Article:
This letter is in response to the guest editorial piece entitled, “How to kill a transperson.” This editorial was a moving and passionate piece that admonished readers to take a closer look at their own judgements and prejudices. However, I would like to also bring attention to the many supportive and loving people that do their very best to protect, honor and love a transgender person. I speak from very personal experience.
I feel I must take issue with the sweeping statement that “I forgot” how difficult living as a transgendered person is. I have never forgotten. Ever. My best friend was a trans gender person who was one of the first receipents of re-assignment surgery in Utah. She was a true pioneer in this state. Her inital surgery was at the university of Utah, when the reassignment surgery was done in phases. She did have subsequent surgeries in Thailand. At the time of her transformation she did in fact loose the love and support of her family and friends. I can only imagine the depth of sadness she suffered. After several years of struggle and pain I met her. She was a student in my belly dance class. She absolutely shined above all others. We were immediate friends. We became inseperable. We shared dark and difficult times. We also shared the best times of our lives. All of my fondest memories involve her. Every last one of them. She was my daughters godmother, my husbands best friend and my hero.
I never let people stare without challenge, never let people speak ill of her, never let a birthday or holiday slide without telling her what she meant to me. She had a shine and a sparkle to her that will never be matched. I tried to be there for her in every way. She provided for those around her, offered sage advice, and gave of her time without question. She was an excepted member of the Utah belly dance community and provided us with wonderful ideas and hilarious running commentary. She simply was the best friend I have ever had.
Sadly, the pain and torment that she suffered in the early years of her life, and the victimization that she suffered just became all too much. Her health began to fail and she was diagnosed with early onset alzheimers. She was only 52. I take exception to the sweeping statement that “I forgot”. I have never forgotten. I have never forgotten the stares and the nasty comments, but I also never forgot her laugh, her smile, and her sense of self in a world that fought against her. There are people in the world that try desperatly to help forge a path and walk proudly beside trans gendered people. I tried.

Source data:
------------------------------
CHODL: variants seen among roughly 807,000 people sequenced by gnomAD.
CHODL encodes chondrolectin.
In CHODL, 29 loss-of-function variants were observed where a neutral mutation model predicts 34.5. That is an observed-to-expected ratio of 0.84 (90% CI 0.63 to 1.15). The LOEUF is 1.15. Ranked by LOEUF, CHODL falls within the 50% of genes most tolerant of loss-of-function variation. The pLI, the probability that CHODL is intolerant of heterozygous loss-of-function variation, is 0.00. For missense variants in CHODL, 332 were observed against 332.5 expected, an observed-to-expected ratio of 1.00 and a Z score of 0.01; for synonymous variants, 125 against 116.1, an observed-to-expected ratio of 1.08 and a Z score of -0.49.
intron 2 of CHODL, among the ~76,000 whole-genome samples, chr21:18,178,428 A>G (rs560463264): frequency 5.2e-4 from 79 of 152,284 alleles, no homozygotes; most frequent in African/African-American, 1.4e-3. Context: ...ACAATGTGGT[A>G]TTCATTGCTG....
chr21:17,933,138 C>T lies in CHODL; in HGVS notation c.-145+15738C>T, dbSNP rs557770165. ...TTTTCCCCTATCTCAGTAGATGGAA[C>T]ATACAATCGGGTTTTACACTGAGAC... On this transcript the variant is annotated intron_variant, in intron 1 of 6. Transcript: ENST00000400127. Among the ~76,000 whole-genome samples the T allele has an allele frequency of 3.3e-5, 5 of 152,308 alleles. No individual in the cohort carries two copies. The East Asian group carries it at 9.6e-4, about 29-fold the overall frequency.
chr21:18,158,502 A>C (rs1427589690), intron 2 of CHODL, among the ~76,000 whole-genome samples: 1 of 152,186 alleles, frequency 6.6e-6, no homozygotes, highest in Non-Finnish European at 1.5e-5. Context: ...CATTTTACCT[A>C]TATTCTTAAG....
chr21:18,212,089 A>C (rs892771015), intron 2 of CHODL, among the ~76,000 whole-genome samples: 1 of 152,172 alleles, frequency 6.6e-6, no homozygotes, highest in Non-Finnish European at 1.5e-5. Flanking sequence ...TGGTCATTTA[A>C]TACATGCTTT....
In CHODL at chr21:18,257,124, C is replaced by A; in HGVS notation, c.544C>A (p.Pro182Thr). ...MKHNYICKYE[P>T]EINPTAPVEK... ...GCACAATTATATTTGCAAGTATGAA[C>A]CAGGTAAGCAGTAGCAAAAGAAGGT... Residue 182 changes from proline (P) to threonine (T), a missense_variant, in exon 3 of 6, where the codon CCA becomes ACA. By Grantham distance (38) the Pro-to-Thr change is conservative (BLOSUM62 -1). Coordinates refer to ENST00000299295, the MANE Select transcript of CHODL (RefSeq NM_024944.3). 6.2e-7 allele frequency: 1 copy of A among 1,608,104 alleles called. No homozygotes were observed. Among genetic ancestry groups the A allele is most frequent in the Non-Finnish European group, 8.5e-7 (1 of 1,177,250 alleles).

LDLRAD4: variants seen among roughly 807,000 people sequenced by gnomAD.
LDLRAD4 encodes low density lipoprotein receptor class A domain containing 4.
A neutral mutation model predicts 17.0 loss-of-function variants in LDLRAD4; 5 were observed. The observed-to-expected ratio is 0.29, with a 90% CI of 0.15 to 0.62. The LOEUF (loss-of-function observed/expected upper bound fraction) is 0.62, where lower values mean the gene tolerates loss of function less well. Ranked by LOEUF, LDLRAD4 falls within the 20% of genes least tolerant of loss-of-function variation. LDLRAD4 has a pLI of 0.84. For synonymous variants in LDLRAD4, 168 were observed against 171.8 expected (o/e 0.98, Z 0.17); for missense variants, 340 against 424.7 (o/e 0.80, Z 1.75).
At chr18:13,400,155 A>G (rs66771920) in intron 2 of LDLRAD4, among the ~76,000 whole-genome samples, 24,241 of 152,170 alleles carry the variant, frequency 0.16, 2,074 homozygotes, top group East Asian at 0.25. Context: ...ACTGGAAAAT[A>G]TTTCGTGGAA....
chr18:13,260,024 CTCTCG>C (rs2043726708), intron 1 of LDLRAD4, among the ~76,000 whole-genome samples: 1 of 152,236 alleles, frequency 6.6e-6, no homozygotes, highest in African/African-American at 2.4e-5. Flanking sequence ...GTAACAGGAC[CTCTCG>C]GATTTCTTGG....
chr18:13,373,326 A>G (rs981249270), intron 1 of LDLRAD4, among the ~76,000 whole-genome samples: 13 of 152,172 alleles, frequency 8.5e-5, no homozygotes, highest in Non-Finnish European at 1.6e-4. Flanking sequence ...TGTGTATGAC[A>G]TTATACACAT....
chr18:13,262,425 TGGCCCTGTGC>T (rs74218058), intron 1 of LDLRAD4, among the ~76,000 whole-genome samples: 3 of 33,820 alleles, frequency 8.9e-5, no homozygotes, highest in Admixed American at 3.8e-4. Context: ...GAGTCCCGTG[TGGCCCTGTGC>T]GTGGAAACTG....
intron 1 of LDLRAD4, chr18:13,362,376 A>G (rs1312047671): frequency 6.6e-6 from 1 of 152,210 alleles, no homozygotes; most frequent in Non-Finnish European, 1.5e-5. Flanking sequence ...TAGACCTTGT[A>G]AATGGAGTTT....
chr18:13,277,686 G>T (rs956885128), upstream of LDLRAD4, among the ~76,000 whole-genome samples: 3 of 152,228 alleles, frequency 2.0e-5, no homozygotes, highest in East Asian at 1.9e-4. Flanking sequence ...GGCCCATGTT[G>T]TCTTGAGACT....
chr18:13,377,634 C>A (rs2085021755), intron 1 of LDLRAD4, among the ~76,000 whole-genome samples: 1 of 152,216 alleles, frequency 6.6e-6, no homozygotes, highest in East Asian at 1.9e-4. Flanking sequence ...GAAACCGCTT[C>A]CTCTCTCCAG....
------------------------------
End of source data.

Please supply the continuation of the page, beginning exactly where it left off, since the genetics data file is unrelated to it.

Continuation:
My best friend killed herself two years ago. She left this world on April 27, 2006. She left on her own terms, in her own way. Her family still chooses to believe her death an accident, but I know better. I helped plan her funeral, her wake and her cremation. I miss her everyday and feel such pain that I could not save her. As I write this, the tears flow freely. Maybe writing this is a way to try and release the pain and fear that I did not do enough. Maybe it is a way to defend myself from a perceived attack. Maybe it is just because I miss her so very much. I don’t know. I just know I had to respond to the editorial. The whole world is not against transgender individuals. I for one will do my very best to educate and inform people about trans gender people and to celebrate the life of my best friend.